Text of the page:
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Bainbridge tech company caters to building energy management
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Kite & Lightning owner Bill Hickner, right, talks with Scott Houmes at Silver City Brewery in Silverdale while checking the restaurant's energy control panel. (Rodika Tollefson Photo)When staff at Silver City Brewery in Silverdale arrive to work in the morning, no one has to worry about going around the building to turn on lights or regulate the thermostat. Nor do they need to worry about adjusting controls or turning on air conditioning as the outside air temperature changes. All those functions, along with others related to the kitchen and refrigeration systems, are performed automatically — thanks to an energy management system developed and installed by Bainbridge Island tech company Kite & Lightning.

The cloud-based system, called UNITY, can dim lights, adjust air ventilation and send alerts via email or text messages when something malfunctions. It monitors energy use in the building 24/7, automatically controlling systems based on set parameters, and allowing users to control functions both on-site and remotely. The on-site system uses a touchscreen monitor and a Mac mini processor (hidden behind the panel.) A chip is used for wireless communication and if the internet goes down, the modules run themselves and the switches become manual.

The system has helped Silver City Brewery save on energy use since it was installed about two years ago, because everything is optimized. It also helps monitor equipment and determine when things are not running properly.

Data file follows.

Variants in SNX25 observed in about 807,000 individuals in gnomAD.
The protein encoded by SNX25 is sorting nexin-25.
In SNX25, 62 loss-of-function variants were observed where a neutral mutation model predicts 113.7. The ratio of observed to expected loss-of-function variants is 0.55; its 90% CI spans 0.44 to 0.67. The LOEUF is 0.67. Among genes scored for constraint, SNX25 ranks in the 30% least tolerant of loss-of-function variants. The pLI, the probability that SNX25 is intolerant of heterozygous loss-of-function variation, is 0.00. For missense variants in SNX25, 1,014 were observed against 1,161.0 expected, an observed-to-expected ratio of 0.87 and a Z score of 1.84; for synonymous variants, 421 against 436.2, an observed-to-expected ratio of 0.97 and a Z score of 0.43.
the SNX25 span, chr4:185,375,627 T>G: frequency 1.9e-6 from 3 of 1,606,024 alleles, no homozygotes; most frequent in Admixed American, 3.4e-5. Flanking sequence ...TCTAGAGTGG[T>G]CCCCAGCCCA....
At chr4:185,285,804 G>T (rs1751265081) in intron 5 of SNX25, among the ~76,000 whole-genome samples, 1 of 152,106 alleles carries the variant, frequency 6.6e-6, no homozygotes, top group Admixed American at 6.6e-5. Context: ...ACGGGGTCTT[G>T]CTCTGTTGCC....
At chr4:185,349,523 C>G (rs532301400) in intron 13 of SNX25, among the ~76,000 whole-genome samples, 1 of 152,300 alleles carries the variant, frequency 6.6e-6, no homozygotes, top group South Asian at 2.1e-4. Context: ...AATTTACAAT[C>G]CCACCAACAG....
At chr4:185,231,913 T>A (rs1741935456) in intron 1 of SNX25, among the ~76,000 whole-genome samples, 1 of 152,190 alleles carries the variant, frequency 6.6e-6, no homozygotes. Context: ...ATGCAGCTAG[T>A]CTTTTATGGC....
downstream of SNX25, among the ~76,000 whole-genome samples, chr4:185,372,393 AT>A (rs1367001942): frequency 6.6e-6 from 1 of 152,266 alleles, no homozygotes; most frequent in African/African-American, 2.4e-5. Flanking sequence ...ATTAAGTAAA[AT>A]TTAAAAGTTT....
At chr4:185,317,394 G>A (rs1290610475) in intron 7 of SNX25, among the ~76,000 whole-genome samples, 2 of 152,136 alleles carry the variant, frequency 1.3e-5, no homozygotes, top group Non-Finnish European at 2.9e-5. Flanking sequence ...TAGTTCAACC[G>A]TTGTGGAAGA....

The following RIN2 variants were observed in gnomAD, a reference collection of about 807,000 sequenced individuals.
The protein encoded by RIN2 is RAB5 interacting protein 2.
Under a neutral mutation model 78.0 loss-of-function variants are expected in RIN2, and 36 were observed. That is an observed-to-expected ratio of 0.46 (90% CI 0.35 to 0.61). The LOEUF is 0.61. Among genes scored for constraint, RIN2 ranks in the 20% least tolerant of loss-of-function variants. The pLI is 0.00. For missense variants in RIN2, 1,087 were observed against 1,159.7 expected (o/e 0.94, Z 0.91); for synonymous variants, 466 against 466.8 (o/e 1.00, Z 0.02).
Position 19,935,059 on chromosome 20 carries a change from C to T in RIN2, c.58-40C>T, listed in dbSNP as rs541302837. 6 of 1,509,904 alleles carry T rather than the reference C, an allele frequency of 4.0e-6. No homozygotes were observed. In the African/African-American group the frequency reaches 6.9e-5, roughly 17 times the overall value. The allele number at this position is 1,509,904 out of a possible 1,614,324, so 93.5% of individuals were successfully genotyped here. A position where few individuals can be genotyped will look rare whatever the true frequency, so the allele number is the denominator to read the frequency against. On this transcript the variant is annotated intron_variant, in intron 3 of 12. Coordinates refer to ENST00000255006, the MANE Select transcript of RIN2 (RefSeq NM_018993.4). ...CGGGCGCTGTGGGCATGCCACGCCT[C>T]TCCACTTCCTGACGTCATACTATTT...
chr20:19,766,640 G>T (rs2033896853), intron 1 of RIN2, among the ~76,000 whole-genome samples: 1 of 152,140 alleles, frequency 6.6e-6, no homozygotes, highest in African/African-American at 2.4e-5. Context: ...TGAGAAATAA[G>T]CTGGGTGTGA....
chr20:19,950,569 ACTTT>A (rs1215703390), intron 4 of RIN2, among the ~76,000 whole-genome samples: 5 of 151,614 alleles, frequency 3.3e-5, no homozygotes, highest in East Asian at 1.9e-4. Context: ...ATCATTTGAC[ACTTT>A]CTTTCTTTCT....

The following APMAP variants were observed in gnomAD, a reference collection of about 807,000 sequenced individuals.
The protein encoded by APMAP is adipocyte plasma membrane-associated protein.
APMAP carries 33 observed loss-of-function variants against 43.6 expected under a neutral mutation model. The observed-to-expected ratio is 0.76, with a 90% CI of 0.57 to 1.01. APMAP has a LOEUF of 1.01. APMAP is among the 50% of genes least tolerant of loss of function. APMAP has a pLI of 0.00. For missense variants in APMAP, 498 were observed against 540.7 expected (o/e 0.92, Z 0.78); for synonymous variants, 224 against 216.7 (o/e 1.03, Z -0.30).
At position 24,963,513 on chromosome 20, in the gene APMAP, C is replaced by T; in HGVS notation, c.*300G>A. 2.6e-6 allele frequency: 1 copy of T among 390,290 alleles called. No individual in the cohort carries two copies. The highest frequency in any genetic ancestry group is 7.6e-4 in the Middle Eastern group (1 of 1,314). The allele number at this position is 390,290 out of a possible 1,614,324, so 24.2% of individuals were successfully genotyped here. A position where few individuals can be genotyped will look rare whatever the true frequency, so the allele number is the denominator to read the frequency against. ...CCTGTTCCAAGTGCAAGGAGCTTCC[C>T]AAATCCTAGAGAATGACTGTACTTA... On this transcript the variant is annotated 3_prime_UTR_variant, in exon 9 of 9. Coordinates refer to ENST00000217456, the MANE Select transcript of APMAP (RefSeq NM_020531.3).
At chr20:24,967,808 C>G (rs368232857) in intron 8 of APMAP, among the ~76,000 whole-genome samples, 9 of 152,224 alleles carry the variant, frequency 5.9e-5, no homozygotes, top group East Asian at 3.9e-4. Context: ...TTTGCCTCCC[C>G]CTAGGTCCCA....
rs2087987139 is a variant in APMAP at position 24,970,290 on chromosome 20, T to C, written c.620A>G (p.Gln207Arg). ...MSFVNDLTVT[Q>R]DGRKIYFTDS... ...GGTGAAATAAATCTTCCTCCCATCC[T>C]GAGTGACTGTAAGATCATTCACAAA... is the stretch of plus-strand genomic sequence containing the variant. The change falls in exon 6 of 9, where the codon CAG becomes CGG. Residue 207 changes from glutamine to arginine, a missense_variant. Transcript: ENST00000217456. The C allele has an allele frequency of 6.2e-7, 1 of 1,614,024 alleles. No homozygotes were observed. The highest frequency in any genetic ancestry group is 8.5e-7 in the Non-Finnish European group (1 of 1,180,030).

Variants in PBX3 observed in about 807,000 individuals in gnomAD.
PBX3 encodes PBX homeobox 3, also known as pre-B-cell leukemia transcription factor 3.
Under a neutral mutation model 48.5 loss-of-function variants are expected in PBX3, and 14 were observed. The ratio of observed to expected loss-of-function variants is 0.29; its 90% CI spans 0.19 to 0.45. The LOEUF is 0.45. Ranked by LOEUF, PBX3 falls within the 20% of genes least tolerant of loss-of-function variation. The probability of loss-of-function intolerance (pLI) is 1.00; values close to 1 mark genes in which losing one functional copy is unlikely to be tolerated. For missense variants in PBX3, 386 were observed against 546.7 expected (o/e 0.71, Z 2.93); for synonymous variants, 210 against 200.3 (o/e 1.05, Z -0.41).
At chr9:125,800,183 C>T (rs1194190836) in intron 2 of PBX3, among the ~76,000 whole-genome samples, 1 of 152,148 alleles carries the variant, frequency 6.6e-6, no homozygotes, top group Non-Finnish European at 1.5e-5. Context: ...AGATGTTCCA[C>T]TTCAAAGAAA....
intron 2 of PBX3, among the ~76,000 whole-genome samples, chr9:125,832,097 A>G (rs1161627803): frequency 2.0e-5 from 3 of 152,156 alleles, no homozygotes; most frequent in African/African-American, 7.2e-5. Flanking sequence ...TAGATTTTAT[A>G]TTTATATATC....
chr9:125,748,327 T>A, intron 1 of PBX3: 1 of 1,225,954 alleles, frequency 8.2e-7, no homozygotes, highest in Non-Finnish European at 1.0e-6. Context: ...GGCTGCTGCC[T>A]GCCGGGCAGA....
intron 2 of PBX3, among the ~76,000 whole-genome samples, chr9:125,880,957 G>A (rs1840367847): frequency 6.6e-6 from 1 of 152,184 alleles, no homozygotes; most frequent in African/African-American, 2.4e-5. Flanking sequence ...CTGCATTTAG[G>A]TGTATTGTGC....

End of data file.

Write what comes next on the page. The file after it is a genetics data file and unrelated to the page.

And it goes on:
“Having all the (monitoring) information is valuable. Up until now we had no idea if the building was balanced,” said Silver City owner Scott Houmes.

Another major advantage is that the system won’t cost the business any money. A grant from Puget Sound Energy paid for 70 percent of the UNITY cost, and the balance of $5,500 will be recovered through the energy savings over about three years. Kite & Lightning guaranteed that the company will save at least that much — and if it doesn’t, it will only have to pay the amount it had actually saved.

The UNITY energy management system Silver City Brewery can be controlled both from an on-site touchscreen and remotely via the internet. (Rodika Tollefson Photo)Once the system is paid off, Silver City will simply save money on electricity.

“The key is to be automated to the point it runs itself so you don’t have to worry about it,” Kite & Lightning managing partner Bill Hickner said. “You can manage energy costs and equipment maintenance because the system lets you know when something is in the process of breaking.”

UNITY is designed to optimize energy use for the space by adjusting controls in real time based on what it learned from the previous cycle. Functions can also be programmed based on parameters such as temperature. For example, vents will automatically open overnight during the summer to help the building cool off and delay the use of air conditioning.

“It produces savings over what a thermostat does,” Hickner said.